Farm employers are facing a host of conundrums concerning staff as the Coronavirus crisis deepens. Sharmon Blackwell of CXCS provides 10 key pointers.
The government’s guidance to work from home will clearly not be possible for staff on many farms, so the focus should be protecting those who are still coming into work. Reduce the contact your staff have with you and each other wherever possible – larger business might be able to introduce rotas or shift patterns to reduce overlap between people. Make sure everyone understands and follows social-distancing guidelines. Replace face-to-face contact with phone, email or Skype/WhatsApp communication wherever possible, and lunch and tea breaks should be taken individually, not even in twos and threes. Provide soap and hand-sanitising kit in
shared areas, including vehicles and tractors and buildings such as milking parlours.
It’s important to have measures in place for a potential escalation of the situation. If, for example, one worker has to self-isolate what would this mean for other employees? How will you get through lambing? Create a contingency plan covering a range of eventualities, focusing particularly on how you can keep business-critical operations – such as feeding stock – running. Think about transferable skills and start training staff now for possible new tasks. It’s worth ensuring all employees’ contact numbers and emergency contact details are all up to date.
The government has said it will pay 80% of the salaries of ‘furloughed’ workers up to a maximum of £2,500 per month. This ‘Coronavirus Job Retention Scheme’, which will be in place for three months initially and backdated to March 1, will be the saviour of many businesses. To qualify, an employee can’t continue to do any work for you. Employers can choose to top-up the 80% HMRC payment, but don’t not have to.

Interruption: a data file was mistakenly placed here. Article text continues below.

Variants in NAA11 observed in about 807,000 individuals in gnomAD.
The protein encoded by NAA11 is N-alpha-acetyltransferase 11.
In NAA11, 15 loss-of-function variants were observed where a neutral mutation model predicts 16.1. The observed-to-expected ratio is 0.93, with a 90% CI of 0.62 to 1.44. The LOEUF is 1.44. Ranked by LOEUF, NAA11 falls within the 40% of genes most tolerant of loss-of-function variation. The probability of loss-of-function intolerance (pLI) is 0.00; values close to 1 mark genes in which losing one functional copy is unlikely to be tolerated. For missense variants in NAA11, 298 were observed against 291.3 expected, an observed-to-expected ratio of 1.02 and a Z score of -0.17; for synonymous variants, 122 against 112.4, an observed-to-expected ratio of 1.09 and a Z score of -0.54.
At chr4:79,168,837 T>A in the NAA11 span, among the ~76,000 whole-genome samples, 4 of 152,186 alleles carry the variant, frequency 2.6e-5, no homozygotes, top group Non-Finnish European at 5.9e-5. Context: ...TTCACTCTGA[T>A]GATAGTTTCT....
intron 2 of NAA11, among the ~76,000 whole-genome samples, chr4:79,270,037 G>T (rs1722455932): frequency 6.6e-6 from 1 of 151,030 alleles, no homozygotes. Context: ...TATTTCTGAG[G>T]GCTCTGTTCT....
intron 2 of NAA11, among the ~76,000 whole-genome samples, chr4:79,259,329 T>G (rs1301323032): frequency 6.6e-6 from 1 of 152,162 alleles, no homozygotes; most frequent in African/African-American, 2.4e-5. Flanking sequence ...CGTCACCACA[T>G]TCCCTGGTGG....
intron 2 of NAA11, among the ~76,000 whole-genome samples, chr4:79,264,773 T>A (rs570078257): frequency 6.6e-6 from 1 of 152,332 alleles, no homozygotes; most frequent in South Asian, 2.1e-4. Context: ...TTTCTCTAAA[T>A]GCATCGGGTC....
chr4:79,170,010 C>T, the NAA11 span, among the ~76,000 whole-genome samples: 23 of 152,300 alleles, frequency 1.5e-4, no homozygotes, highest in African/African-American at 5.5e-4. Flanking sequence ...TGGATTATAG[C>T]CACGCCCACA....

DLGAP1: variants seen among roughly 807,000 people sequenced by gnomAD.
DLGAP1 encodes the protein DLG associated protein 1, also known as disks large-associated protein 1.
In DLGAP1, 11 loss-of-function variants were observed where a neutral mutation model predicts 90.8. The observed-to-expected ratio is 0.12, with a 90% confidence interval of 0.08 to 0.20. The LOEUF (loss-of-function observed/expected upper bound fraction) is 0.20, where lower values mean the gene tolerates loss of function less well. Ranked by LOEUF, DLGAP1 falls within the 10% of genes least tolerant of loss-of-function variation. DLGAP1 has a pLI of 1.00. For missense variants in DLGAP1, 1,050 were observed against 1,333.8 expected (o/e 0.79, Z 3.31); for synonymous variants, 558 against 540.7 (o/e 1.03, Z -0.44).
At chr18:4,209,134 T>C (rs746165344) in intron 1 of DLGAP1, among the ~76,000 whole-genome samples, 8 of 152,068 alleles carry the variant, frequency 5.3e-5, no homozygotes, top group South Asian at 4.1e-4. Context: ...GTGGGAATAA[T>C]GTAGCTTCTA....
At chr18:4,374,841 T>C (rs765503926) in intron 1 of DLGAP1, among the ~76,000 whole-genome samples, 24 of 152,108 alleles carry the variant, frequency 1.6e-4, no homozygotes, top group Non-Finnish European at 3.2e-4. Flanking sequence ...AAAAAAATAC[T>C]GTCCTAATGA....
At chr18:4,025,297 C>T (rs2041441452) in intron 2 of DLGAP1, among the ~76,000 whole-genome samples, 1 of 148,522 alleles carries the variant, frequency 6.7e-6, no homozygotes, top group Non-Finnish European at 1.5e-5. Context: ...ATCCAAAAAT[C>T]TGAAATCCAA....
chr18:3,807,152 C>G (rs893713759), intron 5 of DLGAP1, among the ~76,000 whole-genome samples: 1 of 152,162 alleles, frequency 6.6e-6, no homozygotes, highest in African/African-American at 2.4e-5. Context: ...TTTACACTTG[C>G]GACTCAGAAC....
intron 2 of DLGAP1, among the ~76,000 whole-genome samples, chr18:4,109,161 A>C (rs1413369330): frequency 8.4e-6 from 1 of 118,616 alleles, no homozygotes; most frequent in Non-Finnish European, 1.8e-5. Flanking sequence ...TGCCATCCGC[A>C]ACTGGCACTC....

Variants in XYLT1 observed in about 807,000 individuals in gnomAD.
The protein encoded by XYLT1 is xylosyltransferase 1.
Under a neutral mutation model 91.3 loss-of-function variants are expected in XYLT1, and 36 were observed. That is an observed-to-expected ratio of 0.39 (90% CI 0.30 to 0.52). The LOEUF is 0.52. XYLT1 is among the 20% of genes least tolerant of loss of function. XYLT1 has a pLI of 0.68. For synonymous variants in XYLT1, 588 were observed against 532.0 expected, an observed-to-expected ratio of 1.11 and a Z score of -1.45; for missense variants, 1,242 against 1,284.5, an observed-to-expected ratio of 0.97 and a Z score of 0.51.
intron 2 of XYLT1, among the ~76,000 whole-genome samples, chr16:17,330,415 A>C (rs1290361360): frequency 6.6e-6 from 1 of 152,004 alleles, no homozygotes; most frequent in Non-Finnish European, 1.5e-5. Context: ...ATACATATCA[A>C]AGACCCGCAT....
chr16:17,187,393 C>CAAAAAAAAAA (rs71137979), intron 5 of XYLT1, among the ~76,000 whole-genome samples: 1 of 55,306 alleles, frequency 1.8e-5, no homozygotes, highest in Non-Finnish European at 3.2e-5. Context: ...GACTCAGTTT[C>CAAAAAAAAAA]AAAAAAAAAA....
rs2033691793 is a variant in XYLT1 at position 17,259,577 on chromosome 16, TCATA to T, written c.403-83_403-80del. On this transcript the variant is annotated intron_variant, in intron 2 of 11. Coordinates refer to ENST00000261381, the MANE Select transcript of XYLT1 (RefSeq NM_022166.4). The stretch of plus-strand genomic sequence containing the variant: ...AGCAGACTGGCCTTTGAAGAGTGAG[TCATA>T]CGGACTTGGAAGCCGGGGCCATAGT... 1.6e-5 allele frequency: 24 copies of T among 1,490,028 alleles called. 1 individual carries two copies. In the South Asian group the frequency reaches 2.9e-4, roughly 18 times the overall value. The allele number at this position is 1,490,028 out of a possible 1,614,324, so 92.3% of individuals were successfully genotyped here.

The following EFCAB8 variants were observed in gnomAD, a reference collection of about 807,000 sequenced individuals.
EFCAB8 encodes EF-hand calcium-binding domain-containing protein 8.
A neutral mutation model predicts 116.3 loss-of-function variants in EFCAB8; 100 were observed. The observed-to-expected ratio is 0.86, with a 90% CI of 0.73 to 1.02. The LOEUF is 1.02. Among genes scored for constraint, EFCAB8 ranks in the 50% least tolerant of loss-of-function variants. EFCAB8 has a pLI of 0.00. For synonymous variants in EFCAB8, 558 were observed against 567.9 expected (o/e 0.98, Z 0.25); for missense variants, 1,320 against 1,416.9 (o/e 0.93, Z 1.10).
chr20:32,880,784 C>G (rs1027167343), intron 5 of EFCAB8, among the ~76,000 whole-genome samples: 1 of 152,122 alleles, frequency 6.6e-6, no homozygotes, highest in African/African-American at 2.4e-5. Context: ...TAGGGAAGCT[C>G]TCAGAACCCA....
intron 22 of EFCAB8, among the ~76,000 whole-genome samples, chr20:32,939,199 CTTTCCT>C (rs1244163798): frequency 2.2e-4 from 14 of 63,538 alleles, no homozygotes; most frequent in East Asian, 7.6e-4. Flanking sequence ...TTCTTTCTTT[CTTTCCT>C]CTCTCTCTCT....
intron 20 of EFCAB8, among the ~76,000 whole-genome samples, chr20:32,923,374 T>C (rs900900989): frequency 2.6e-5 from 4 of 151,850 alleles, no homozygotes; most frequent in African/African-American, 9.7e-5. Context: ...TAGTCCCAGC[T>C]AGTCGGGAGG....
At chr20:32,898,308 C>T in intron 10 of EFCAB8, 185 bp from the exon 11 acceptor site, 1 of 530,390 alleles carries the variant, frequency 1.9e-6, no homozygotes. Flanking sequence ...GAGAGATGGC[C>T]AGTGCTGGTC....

4. Reducing hours
You can offer staff less overtime, but you can only reduce their hours (for instance, ask them to drop to a three-day week) if there is a clause to this effect in their contract of employment. Unless your contracts were drawn up by an HR professional, it may well be that such a clause doesn’t exist so an employee would need to be fully in agreement with such a proposal. Staff – like business owners – recognise these are extraordinary times, so may well want to be flexible.
5. Job descriptions
In theory, someone can only be expected to do what’s in their job description, but there’s no reason you can’t ask an employee if they’re prepared to tackle different tasks to normal in the short-term. It’s important to treat this as a discussion rather than a fait accompli. Most farm workers have a range of skills and a very diverse role, so there is scope to harness their varied experience. Remember, too, you can’t ask them to do anything they’re not trained or qualified to do – so keep this in mind when it comes to vehicles and machinery – and you
obviously need to stay compliant with all the health and safety rules.
6. Sick pay
If an employee needs to self-isolate (on the advice of NHS 111 or a doctor) or is sent home as a precaution, they’re entitled to Statutory Sick Pay from day one. This includes those who may be a carrier of COVID-19 but may not have symptoms and people caring for those in the same household who display symptoms and have been told to self-isolate. Employers should use discretion around the need for medical evidence where an employee is advised to self-isolate. Employees can currently self-certify for the first seven days.
Redundancy is a traumatic process for an employer as well as an employee, but in extreme circumstances, this might be your only option. There is a legal procedure to be followed. An employee will normally be entitled to statutory redundancy pay if they’ve been working for you full time for two years or more. The maximum statutory redundancy pay is capped £15,750.
If some people are away, others may be working longer hours or at a faster pace than normal, so ensure you are still complying with the Working Time Regulations 1998 (workers can’t be required to do more than an average of 48 hours a week). Also keep an eye on stress levels, offering support and adjusting targets and deadlines. Make sure people’s extra efforts are noticed and appreciated. Employees will be affected in different ways, so try to nip any perceptions of unfairness in the bud.
9. Listen and reassure
Employees, understandably, may be worried and will have concerns about their family or friends. Ensure that you are listening and reassuring them and that the measures you are taking are to protect them and not to cause alarm or panic.
10. Don’t forget yourself
Ultimately, you are your business’s biggest asset, so don’t forget to think about yourself in your attempts to look after those around you. Taking care of your own physical and mental health is vital during deeply challenging times such as this.
Sharmon Blackwell heads up CXCS’s HR service. Find out more at CXCS